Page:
Measuring particle sizeExample of traditional analysis measuring the volume of resin retained on each sieve:
|mm||% retained on sieve||% through sieve|
The values "between sieves" have been plotted on a graph with a logarithmic scale for the sieve openings. In theory, and very roughly in practice as well, the particle size distribution of conventional "kettle polymerised" resins is normal, or Gaussian. A Gaussian bell curve has been superimposed on the graph.
- The mean diameter is the value of the (theoretical) sieve opening through which exactly 50 % of the resin volume passes, i.e. that retains exactly 50 % of the resin sample. It is abbreviated as "d50". In the language of statistics, it is called median diameter.
- The effective size is the value of the sieve opening through which exactly 10 % of the resin sample passes. It is abbreviated as "d10".
- The uniformity coefficient is defined as: UC = d60 / d10
This coefficient measures the "width" of the distribution, and is reflected in the width of the Gaussian bell curve. If all beads had the same size, it would be equal to 1.0. Amberjet resins have a UC of 1.05 to 1.20, Ambersep and SB grades 1.15 to 1.30, RF grades 1.20 to 1.50, standard grades 1.3 to 1.7. See the small pictures above.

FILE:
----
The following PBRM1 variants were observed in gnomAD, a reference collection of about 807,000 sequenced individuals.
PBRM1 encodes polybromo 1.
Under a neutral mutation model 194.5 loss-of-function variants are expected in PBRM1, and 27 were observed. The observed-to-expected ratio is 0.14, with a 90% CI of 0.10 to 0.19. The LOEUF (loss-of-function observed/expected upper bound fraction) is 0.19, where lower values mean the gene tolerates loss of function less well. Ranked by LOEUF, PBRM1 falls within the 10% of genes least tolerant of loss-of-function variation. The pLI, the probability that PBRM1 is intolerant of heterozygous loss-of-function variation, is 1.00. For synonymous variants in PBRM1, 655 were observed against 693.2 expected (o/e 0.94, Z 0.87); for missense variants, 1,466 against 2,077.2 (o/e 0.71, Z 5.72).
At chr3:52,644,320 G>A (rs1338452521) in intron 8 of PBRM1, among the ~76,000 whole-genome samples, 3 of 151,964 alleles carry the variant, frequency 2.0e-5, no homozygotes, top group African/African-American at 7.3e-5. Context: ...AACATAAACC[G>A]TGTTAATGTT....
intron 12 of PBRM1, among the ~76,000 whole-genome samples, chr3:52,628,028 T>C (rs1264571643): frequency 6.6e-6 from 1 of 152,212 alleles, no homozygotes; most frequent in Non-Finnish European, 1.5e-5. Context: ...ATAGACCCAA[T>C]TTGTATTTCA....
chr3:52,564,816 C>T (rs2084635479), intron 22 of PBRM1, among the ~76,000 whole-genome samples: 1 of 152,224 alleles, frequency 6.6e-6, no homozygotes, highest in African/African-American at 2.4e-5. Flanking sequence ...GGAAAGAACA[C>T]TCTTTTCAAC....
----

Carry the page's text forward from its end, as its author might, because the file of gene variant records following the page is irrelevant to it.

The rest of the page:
- The harmonic mean size abbreviated as HMS is a mathematical expression calculated from the distribution function. See the formula on the right. HMS is useful for theoretical considerations regarding hydraulic properties and kinetics of a resin. For practical purposes, the value of HMS is close to the median diameter, but a little smaller. Both values are almost identical for resins with uniform particle size.
|Mean (median) diameter||0.640 mm|
|Effective size||0.449 mm|
|Harmonic mean size||0.616 mm|